An infrared (IR) scan of the motor buckets revealed overheated contacts. Nevertheless, the maintenance group at Ralston Purina's plant in Lancaster, Ohio, didn't plan any immediate action. A few days later, on a hot day in June, the boiler house motor control center (MCC) exploded.
That's how crucial IR thermography is to maintenance. Even if you don't yet use the technology, you should appreciate its value. Applications include: checking the condition of gearboxes, motor bearings and coils, seals, steam traps, belt bearings, conveyors, electrical components (e.g., buses, fuses, disconnects, and hardware in a distributed control system, MCC controller or variable frequency drive) and rotating equipment, as well as detecting thermal and fluid leaks, material flaws and even liquid level.
IR guns and cameras are valuable because they're non-contact and don't demand prior knowledge of the range of temperatures expected. In contrast, a contact thermometer requires a range and may be inaccurate because of poor insulation or contact. IR measurement actually improves at high — I mean furnace high — temperatures.
A simple IR gun can be very useful and cost effective but only offers single-point measurement. A thermography camera provides a broader picture but is more expensive, which may rule it out for everyday measurement. For more on thermography, see: "Use Thermal Imagery for Process Problems."
IR isn't perfect. Its performance depends upon three critical factors: heat capacity, the inertia of the body to resist change, which is a common problem with any temperature measurement technique; proper orientation for radiation absorption — a poorly positioned thermocouple in a furnace can be off by 100°F; and, lastly, minimal variation in emissivity. As with any measurement, taking more readings will improve precision and reveal flaws in methods but probably also will widen the bell curve. Never take fewer than two or three shots with a gun.
A few tricks can help you get good measurements with a simple IR gun. For instance, find a well-insulated or relatively small hole (ideally, >3 in. deep) on the equipment you want to measure. Then, shoot that spot. Its emissivity will be about 1.00 and, because the IR radiation has nowhere else to go, you should get a good measurement. With insulated pipework and equipment, cut a replaceable flap around a nozzle or flange and shoot that spot. A useful trick is to put a piece of black tape on the surface you want to measure; the emissivity of black tape averages about 0.95. Use tape with a matte, not shiny, finish. Put the tape on at least a few minutes before taking a shot. Another useful target for IR is a red rust spot; emissivity is ~0.7 at 77°F. Always avoid shooting a reflective surface because its emissivity — and the reading — will be low; an emissivity below 0.2 makes measurement difficult. Here's one last trick: use a black surface of a known temperature to tune your gun.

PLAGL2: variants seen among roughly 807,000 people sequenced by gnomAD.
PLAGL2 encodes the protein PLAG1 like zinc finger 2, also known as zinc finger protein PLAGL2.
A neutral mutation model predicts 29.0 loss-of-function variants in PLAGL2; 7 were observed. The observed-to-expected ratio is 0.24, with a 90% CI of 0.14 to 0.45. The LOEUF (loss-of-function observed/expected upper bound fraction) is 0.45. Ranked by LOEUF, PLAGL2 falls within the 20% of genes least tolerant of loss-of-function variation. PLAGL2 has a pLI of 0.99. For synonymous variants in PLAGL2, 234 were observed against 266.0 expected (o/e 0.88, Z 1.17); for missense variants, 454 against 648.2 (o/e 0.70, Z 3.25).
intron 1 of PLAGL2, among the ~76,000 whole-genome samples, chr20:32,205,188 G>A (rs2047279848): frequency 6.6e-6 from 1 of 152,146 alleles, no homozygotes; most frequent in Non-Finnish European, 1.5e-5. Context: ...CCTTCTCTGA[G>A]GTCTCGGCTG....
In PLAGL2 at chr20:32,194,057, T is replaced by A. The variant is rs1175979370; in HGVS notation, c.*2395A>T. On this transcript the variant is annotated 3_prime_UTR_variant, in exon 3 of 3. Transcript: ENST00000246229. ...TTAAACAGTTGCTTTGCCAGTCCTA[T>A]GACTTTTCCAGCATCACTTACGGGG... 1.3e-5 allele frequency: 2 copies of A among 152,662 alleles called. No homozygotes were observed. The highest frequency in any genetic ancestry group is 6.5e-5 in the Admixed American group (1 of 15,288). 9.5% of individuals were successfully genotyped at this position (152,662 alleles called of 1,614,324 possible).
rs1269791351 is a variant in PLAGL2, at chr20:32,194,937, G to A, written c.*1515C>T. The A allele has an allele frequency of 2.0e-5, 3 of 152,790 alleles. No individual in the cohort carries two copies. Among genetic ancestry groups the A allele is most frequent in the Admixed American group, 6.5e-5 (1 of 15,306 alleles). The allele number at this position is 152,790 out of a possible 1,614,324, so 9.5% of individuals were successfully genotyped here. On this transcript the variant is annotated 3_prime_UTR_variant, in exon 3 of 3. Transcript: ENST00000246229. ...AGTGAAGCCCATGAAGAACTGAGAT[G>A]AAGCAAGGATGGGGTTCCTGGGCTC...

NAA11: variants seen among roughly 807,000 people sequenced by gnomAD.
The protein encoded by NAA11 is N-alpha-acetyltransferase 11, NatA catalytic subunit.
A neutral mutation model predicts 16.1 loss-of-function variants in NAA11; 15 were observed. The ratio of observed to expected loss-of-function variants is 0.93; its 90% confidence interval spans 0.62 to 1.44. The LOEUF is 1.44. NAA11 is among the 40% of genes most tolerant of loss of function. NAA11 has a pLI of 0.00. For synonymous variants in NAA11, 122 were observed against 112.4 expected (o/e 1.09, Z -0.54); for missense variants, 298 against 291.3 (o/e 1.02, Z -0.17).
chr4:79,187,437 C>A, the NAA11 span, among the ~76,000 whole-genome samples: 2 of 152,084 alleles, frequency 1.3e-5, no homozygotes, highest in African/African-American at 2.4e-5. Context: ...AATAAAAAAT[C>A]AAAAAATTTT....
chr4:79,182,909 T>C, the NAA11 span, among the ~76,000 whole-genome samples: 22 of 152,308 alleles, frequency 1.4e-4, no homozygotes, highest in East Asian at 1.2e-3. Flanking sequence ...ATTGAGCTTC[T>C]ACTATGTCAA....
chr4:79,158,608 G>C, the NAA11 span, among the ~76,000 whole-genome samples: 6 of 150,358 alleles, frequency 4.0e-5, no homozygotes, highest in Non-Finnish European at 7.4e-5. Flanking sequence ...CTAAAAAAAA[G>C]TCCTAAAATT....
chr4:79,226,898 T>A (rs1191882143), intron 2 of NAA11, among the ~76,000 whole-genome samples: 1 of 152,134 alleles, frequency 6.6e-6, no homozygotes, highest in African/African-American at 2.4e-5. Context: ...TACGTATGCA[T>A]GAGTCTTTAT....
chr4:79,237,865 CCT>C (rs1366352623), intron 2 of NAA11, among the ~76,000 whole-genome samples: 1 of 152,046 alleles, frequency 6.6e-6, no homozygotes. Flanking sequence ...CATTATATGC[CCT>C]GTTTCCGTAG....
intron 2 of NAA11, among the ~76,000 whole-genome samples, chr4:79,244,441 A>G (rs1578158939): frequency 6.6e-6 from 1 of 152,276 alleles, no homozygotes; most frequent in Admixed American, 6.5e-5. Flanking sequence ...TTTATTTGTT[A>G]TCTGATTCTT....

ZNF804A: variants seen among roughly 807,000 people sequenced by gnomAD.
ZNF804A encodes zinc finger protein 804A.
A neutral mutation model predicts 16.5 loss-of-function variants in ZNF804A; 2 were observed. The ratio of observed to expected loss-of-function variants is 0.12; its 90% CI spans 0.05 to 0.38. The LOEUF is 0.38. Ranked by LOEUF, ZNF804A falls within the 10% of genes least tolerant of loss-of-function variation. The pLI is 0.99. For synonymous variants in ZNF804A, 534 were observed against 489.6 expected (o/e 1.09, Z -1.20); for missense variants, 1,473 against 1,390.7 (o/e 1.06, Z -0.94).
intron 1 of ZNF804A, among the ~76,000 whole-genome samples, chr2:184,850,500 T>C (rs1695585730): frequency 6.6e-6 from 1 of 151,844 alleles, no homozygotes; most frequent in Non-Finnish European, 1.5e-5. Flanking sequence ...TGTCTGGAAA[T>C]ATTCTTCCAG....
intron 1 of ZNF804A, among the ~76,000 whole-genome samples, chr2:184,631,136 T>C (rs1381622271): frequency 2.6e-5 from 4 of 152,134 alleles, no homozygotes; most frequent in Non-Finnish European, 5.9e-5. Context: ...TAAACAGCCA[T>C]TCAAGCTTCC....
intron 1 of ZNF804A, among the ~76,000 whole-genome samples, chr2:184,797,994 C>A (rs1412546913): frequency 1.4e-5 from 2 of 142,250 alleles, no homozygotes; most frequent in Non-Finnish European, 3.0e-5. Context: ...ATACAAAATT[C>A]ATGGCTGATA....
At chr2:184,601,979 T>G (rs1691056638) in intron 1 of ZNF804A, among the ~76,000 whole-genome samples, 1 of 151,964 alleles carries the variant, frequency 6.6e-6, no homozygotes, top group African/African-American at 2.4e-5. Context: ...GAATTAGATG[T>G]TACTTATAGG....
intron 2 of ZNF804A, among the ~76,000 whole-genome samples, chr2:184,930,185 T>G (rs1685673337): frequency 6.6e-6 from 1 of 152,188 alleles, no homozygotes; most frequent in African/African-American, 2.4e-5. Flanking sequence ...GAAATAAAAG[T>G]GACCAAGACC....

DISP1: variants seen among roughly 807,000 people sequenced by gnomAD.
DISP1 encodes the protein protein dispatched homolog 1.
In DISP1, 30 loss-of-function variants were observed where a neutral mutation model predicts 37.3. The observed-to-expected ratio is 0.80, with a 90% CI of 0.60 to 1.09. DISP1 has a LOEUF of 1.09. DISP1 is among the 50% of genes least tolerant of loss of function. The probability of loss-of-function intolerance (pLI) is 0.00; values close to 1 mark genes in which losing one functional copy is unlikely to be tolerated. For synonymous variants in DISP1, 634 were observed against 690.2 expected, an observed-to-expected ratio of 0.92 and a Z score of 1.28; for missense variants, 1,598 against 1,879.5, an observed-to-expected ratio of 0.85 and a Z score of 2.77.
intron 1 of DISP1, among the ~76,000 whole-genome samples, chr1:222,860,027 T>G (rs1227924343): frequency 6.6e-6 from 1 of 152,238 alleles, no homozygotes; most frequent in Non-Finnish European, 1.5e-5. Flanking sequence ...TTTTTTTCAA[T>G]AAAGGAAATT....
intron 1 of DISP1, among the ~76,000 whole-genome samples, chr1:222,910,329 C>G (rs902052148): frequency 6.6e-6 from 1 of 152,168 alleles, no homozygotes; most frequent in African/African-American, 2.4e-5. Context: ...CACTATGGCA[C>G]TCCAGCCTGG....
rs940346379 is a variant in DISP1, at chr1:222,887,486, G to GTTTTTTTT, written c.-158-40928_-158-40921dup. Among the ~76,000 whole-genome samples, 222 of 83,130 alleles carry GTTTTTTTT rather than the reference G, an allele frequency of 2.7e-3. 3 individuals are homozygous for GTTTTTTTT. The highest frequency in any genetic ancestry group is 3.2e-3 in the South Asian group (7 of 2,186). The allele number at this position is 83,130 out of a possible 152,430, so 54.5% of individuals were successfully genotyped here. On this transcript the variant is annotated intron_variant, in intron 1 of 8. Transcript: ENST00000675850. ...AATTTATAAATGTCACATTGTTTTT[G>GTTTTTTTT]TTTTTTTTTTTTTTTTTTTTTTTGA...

Now, let's consider one of the most difficult applications — detection of steam trap failure. While most experts advise using an ultrasonic tester, IR can be useful with some types of steam traps — but not with inverted bucket traps because they generally fail open. IR can identify a plugged trap by detecting a difference between downstream and upstream pipes and the trap-feed and equipment-supply lines; in the latter case, if the difference is 20°F or more the trap has plugged. IR may be the only option for a trap that's in a hard-to-reach location because an ultrasonic tester must contact the trap.
For bearings in rotating equipment, perform a scan when the bearings are new, but not within a day of initial lubrication, to create a baseline profile. Then regularly monitor them. Treat a bearing running 100°F hotter than normal as failing.
As far as the situation at Ralston, the plant engineer probably was pondering how to deal with it when the fire occurred. The solution requires some finesse. (Don't send in a deck ape!) Copper contacts must be gently removed, cleaned and tightened, preferably with a torque screwdriver or wrench, although some electricians say finger tight works fine below 100 amps, i.e., 75 hp or below on 460 VAC. Afterward, it's good practice — with all specialty torque items — to keep a log and mark the bolt head with permanent ink.
IR guns offer an inexpensive qualitative means of involving your operators in day-to-day equipment troubleshooting.
DIRK WILLARD is a Chemical Processing contributing editor. He recently won recognition for his Field Notes column from the ASBPE. Chemical Processing is proud to have him on board. You can e-mail him at firstname.lastname@example.org